Located on the west-most edge of the Rust Belt, Minneapolis, Minn., is in the midst of an economic and population boom. In the last year, the city’s population grew by 1 percent, adding 33,000 people to the community, according to Chicago magazine. To support this population, the city offers a diverse—and very healthy—economic environment.
With one of the lowest unemployment rates in the country, Minneapolis is home to six Fortune 500 companies. Some of the city’s top employers include Target and the University of Minnesota, and the largest privately owned company in the United States, agricultural-giant Cargill, is located just beyond the Minneapolis city limits.
The economic diversity has been a boon for the city as a whole. Mark Eble, managing director and Midwest practice leader at CBRE Hotels, PKF Consulting USA, says the way the economy is attracting people to the city, especially millennials and baby boomers, is refining Minneapolis’s culture and making it a big draw for travelers. “In terms of the vibrancy of the downtown, having young people and empty-nesters move into the area is elevating the quality of the restaurants, retail, attractions, and businesses. These improvements are all great for lodging developers,” he explains.
And lodging developers have taken notice of the opportunities. The downtown Minneapolis area has attracted a wide range of new hotel projects, including a 135-room Holiday Inn Express planned by TPI Hospitality, a 290-room Embassy Suites planned by HRI Properties, and a 244-room AC Hotel from Mortenson Development. All three of the aforementioned properties are due to open before the end of next year, and they are just a small piece of the bigger picture. Nate Gundrum, Mortenson development executive, says their upcoming AC Hotel will attract travelers drawn to Minneapolis’s developing cultural identity. “[Our property] will resonate with travelers looking to experience the city.”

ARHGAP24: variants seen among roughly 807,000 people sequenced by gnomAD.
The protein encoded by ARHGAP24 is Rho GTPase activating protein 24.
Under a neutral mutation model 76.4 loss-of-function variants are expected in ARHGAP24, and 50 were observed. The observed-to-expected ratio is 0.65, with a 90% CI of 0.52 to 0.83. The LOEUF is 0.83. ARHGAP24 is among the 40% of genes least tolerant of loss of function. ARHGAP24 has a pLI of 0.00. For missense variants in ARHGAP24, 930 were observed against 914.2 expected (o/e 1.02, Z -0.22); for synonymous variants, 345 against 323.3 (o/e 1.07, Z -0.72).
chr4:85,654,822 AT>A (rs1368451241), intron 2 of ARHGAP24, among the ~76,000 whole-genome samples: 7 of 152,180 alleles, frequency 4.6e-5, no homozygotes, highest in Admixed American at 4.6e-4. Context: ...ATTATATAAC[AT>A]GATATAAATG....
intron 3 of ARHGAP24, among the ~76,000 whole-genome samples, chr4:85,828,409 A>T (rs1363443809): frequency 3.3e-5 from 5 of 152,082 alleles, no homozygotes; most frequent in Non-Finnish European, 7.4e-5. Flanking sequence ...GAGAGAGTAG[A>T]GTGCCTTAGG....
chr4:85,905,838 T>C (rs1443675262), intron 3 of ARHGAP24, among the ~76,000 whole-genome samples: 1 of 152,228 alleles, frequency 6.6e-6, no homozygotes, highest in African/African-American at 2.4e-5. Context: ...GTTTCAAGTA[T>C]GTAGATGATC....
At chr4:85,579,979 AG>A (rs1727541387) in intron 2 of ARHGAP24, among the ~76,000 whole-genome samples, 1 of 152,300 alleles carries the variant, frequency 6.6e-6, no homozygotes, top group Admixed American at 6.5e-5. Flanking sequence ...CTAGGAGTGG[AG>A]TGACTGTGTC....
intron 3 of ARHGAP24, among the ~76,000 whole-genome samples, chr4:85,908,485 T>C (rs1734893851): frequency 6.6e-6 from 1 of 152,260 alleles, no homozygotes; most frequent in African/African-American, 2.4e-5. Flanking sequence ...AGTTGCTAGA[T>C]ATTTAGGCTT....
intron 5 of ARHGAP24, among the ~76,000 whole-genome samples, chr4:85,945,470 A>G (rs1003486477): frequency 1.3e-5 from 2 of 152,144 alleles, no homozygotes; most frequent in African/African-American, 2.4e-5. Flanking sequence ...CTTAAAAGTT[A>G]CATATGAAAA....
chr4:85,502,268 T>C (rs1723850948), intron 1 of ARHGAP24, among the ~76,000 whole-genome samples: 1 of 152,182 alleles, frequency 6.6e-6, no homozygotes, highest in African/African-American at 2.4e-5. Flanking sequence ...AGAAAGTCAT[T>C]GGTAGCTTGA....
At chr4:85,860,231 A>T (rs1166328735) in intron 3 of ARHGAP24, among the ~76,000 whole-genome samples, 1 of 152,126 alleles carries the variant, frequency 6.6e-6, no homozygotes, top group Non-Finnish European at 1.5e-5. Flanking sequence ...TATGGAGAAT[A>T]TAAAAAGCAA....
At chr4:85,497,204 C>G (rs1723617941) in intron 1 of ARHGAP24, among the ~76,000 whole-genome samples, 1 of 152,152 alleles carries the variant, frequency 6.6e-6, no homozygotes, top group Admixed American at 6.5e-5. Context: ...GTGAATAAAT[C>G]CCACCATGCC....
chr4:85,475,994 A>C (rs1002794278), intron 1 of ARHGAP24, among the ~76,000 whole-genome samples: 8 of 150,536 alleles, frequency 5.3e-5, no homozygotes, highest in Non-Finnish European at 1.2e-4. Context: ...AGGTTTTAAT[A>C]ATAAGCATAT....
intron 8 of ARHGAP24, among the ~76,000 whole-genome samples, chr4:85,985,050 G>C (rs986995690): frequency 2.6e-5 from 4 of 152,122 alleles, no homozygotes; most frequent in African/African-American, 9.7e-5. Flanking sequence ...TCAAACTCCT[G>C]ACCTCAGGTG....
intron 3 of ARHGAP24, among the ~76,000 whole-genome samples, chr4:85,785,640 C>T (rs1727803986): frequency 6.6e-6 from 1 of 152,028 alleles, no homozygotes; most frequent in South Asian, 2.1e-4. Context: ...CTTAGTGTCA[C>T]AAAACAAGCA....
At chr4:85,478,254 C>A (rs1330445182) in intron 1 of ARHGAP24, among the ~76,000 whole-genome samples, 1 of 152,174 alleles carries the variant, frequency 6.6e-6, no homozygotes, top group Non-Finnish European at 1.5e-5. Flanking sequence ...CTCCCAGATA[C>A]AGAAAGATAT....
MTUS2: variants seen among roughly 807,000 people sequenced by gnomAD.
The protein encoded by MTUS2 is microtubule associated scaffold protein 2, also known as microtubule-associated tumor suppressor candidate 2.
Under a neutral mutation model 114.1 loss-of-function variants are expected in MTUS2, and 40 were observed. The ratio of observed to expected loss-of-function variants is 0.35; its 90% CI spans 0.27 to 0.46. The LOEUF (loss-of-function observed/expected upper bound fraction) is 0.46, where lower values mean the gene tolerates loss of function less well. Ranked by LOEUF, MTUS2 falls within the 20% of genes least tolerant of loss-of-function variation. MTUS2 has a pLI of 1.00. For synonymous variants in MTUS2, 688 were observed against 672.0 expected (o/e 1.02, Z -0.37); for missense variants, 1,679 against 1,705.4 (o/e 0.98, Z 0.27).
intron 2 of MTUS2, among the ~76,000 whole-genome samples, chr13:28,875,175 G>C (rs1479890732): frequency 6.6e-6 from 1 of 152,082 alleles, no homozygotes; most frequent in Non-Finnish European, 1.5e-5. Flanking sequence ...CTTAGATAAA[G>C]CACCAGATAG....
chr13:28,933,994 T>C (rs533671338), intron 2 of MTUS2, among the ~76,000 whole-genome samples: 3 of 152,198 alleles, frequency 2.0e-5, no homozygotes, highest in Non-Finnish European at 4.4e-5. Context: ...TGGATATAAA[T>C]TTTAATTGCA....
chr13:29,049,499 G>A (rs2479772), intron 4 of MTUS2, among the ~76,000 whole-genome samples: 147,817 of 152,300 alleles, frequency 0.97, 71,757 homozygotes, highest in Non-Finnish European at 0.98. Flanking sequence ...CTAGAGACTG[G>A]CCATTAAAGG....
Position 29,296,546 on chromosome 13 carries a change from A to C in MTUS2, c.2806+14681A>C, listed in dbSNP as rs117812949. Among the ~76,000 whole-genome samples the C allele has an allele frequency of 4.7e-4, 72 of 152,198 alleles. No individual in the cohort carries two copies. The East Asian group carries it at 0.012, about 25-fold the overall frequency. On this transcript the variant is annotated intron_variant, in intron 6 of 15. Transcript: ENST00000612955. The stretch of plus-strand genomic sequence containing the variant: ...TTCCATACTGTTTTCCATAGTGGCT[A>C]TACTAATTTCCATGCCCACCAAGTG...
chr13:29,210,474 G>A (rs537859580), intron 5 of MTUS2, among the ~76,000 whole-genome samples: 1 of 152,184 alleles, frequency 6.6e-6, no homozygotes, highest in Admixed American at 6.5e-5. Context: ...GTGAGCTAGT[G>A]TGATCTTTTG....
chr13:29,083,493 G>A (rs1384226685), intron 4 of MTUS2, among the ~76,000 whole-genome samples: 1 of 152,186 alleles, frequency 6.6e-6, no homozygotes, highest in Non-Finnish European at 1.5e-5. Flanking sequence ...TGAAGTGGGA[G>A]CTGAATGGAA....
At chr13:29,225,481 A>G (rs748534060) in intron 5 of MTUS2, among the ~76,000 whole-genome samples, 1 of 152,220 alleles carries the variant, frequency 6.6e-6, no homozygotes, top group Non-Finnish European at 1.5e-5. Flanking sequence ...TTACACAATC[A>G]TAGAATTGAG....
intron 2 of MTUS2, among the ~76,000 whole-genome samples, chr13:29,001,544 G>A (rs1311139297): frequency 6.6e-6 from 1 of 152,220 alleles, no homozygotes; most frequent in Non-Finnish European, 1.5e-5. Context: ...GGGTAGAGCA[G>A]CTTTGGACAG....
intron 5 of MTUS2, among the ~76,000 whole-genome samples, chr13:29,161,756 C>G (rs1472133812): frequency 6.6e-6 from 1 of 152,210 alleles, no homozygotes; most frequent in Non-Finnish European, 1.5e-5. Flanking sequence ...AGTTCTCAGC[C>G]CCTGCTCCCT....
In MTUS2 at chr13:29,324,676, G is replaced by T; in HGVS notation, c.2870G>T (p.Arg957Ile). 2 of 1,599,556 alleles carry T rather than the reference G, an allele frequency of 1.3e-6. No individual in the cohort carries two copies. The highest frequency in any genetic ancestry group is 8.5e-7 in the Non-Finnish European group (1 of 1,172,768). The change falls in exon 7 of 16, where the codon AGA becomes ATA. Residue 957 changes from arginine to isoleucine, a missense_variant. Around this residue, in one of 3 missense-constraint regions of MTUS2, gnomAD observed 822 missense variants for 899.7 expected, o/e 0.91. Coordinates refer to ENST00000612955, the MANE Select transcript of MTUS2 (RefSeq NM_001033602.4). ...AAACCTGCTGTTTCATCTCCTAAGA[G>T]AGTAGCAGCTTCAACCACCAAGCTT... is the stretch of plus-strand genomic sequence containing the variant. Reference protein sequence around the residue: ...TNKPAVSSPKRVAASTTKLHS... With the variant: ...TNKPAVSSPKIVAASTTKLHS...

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STRAIGHT TALK ON MINNEAPOLIS
HRI Lodging, a hotel management and development company based in New Orleans, has done about $1 billion worth of work on adaptive reuse properties in urban core markets. Chief Investment Officer Michael Coolidge explains why HRI’s endeavor to turn Minneapolis’s historic Plymouth Building into a 290-room Embassy Suites is a perfect fit for the city’s market.
» “The Plymouth Building is very iconic. There aren’t a lot of historic buildings in Minneapolis that haven’t been converted or reused, so it’s a high-profile property that we’re going to be able to breathe new life into. To find a building as unique, well-built, and high quality as the Plymouth Building is rare.”
» “Minneapolis’s three major sports stadiums—the new Metrodome, which will open in 2017, Target Field, and the Target Center—are all within a six-block radius from our location. It’s a very strong place to set up shop.”
» “The building is also a block away from Nicollet Mall, the pedestrian and retail center of the city. The Mall has a really dynamic F&B presence that is only growing, which we are sure our future guests will enjoy.”
Your story is quoted as saying, ” …Minneapolis’s three major sports stadiums—the new Metrodome, which will open in 2017,” — this is incorrect. the new stadium, U.S. Bank Stadium, where the Minnesota Vikings will play and the 2018 Super Bowl will be held, is opening in July 2016 and it is not “a new Metrodome” – it’s a fully enclosed building with an ECFE roof, not a dome at all. Thanks!
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